“The Great Beauty” opens with a lavish, sexually charged dance party celebrating the 65th birthday of a journalist, whom we see rambling through Roman high society, encountering performance artists, strippers, a saint, a cardinal, flamingos and a magician’s giraffe.
So it’s no wonder Paolo Sorrentino’s film has drawn comparisons with Federico Fellini’s “La Dolce Vita,” another swirling, entrancing tale of a writer in Rome. But “The Great Beauty” is contemporary. It is, if nothing else, a look at the decadence and self indulgence of the upper classes and artistic world but could also be a critique of Silvio Berlusconi’s Italy.
That said, the film is itself a great beauty, masterfully shot to evoke character along with locale.
At the center of most of those shots is Toni Servillo, the star of Sorrentino’s “Il Divo” and a true master.
Here he’s Jep Gambardella, a writer and interviewer for a magazine who set out to become the “king of the high life” and succeeded. Known by everyone who counts for anything, Jep is self-assured, confident, witty and happy to reveal the frailties and flaws of those who challenge him, be it a performance artist who sprints into a brick wall or a woman whose harangues against him prompt a dressing down in a posh salon.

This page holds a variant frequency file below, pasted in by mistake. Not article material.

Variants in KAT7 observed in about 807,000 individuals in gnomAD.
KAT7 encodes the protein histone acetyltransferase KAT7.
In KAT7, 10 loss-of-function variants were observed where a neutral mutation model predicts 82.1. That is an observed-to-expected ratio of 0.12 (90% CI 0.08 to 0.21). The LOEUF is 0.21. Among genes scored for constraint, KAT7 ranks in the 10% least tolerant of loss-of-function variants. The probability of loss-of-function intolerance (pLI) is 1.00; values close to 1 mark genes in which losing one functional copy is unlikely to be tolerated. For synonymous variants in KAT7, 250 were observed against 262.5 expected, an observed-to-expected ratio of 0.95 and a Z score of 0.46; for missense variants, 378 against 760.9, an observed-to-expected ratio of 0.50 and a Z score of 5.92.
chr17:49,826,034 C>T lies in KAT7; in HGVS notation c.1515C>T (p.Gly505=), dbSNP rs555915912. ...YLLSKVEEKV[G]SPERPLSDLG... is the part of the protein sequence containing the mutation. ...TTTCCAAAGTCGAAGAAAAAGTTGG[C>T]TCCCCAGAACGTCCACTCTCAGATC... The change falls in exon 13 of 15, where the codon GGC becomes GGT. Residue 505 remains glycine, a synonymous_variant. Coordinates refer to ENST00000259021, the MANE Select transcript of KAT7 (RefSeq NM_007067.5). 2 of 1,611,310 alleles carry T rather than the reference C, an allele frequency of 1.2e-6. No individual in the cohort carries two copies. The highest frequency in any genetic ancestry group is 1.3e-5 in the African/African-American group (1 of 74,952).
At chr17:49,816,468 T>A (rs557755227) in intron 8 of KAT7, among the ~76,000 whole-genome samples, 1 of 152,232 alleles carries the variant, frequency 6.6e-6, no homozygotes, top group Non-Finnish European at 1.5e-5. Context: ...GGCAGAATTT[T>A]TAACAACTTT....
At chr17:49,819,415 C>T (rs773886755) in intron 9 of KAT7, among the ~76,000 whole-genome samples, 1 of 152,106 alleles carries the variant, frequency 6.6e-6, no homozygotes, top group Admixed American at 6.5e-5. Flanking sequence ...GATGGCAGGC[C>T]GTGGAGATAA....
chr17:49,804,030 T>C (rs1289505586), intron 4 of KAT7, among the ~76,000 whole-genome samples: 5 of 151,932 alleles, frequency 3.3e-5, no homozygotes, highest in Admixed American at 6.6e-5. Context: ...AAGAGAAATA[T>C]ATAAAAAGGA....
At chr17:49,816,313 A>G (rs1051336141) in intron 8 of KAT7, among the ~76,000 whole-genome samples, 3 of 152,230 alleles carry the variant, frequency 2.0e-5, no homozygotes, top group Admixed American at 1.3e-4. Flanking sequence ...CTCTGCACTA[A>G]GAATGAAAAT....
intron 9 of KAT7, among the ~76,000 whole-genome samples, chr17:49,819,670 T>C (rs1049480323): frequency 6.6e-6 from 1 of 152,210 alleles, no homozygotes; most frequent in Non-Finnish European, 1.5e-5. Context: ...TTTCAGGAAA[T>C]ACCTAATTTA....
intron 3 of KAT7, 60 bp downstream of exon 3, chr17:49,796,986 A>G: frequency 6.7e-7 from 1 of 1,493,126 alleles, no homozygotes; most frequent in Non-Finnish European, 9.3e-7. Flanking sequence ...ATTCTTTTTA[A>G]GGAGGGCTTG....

As the film, which runs 2 hours and 20 minutes, rolls along, more and more about Jep is revealed -- most importantly, that he wrote a well-received novel years before and that he was dumped by his first girlfriend.
When he gets notice of what’s happened to her, Jep starts to re-examine his life, while encountering, first, well-born stripper Ramona (Sabrina Ferilli), then a living 104-year-old saint (Giusi Merli) who’s clearly modeled on Mother Teresa.
But don’t expect Jep to crumble into regret and then rise to a final triumph as would be the expected curve in a Hollywood drama. He’s far too sophisticated, strong and smart, and the film is far too European for that.
Instead, we see a man looking at a life he sees as increasingly empty, a critique not only of his past but of the society in which he lives. We suss out to some measure his intent to change.
With Servillo at the center of things, “The Great Beauty” is superbly acted, with other players making brief appearances, be it a would-be playwright in love with a stuck-up actress or Jep’s wise old editor.
“The Great Beauty” lives up to its title visually as cinematographer Luca Bigazzi’s camera tells the story in gorgeous, strikingly composed, fast-moving images. Its use of music, from throbbing dance tunes to opera, is just as striking and essential.
“The Great Beauty” made some best foreign film of the year lists last year -- for good reason. It’s thoroughly captivating, entertaining and insightful.